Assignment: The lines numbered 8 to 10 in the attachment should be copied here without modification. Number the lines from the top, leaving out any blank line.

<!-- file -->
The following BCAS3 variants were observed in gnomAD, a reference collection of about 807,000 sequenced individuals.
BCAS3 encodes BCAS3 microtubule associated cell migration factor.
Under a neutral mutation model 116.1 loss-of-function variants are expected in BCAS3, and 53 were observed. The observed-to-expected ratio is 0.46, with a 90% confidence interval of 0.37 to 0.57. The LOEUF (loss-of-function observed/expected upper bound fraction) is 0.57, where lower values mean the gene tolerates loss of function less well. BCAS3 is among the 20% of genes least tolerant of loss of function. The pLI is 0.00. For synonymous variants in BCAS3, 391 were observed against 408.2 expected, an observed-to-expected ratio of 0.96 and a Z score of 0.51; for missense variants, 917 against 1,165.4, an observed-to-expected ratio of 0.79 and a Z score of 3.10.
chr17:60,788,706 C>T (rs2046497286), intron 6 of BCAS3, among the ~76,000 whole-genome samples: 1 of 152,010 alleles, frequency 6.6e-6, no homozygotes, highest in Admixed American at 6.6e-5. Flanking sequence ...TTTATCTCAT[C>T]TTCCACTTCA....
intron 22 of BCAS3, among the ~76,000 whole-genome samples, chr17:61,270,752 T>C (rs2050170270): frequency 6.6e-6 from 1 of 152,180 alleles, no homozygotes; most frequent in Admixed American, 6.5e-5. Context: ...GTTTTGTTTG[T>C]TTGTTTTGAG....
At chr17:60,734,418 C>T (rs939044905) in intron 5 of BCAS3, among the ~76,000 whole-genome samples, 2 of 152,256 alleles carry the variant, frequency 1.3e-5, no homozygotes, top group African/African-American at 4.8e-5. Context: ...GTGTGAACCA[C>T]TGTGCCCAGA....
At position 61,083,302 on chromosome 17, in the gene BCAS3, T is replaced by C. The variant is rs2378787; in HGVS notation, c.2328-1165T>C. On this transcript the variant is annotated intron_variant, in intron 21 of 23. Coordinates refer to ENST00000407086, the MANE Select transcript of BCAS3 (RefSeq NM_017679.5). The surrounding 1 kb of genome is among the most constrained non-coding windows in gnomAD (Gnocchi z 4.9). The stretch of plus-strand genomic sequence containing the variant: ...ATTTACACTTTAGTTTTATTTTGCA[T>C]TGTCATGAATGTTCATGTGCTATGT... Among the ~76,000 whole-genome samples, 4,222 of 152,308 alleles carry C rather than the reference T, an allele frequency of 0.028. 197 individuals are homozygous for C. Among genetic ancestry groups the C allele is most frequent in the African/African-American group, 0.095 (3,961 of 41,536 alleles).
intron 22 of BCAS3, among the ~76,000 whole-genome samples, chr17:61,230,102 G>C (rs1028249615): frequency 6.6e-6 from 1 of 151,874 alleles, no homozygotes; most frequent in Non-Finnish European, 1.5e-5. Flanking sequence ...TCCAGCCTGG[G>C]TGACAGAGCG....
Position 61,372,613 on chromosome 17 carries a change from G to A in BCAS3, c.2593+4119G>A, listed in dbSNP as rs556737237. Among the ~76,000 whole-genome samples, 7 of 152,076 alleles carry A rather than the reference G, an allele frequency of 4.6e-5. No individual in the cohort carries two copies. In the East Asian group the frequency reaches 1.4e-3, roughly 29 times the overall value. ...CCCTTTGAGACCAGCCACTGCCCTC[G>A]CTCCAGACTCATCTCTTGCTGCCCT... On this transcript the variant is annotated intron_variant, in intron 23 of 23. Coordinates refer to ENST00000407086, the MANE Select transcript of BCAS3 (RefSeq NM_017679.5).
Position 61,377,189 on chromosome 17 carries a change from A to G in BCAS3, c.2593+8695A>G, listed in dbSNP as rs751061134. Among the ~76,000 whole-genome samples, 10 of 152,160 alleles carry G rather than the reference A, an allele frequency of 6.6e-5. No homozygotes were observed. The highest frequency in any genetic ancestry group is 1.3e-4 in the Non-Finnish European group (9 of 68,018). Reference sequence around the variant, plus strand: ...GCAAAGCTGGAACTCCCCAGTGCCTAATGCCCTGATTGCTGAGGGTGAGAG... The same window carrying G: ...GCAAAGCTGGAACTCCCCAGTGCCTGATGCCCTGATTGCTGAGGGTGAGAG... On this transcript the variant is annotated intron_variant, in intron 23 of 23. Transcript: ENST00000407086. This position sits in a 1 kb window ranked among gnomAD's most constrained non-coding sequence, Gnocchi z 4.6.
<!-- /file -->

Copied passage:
intron 22 of BCAS3, among the ~76,000 whole-genome samples, chr17:61,230,102 G>C (rs1028249615): frequency 6.6e-6 from 1 of 151,874 alleles, no homozygotes; most frequent in Non-Finnish European, 1.5e-5. Flanking sequence ...TCCAGCCTGG[G>C]TGACAGAGCG....
Position 61,372,613 on chromosome 17 carries a change from G to A in BCAS3, c.2593+4119G>A, listed in dbSNP as rs556737237. Among the ~76,000 whole-genome samples, 7 of 152,076 alleles carry A rather than the reference G, an allele frequency of 4.6e-5. No individual in the cohort carries two copies. In the East Asian group the frequency reaches 1.4e-3, roughly 29 times the overall value. ...CCCTTTGAGACCAGCCACTGCCCTC[G>A]CTCCAGACTCATCTCTTGCTGCCCT... On this transcript the variant is annotated intron_variant, in intron 23 of 23. Coordinates refer to ENST00000407086, the MANE Select transcript of BCAS3 (RefSeq NM_017679.5).
Position 61,377,189 on chromosome 17 carries a change from A to G in BCAS3, c.2593+8695A>G, listed in dbSNP as rs751061134. Among the ~76,000 whole-genome samples, 10 of 152,160 alleles carry G rather than the reference A, an allele frequency of 6.6e-5. No homozygotes were observed. The highest frequency in any genetic ancestry group is 1.3e-4 in the Non-Finnish European group (9 of 68,018). Reference sequence around the variant, plus strand: ...GCAAAGCTGGAACTCCCCAGTGCCTAATGCCCTGATTGCTGAGGGTGAGAG... The same window carrying G: ...GCAAAGCTGGAACTCCCCAGTGCCTGATGCCCTGATTGCTGAGGGTGAGAG... On this transcript the variant is annotated intron_variant, in intron 23 of 23. Transcript: ENST00000407086. This position sits in a 1 kb window ranked among gnomAD's most constrained non-coding sequence, Gnocchi z 4.6.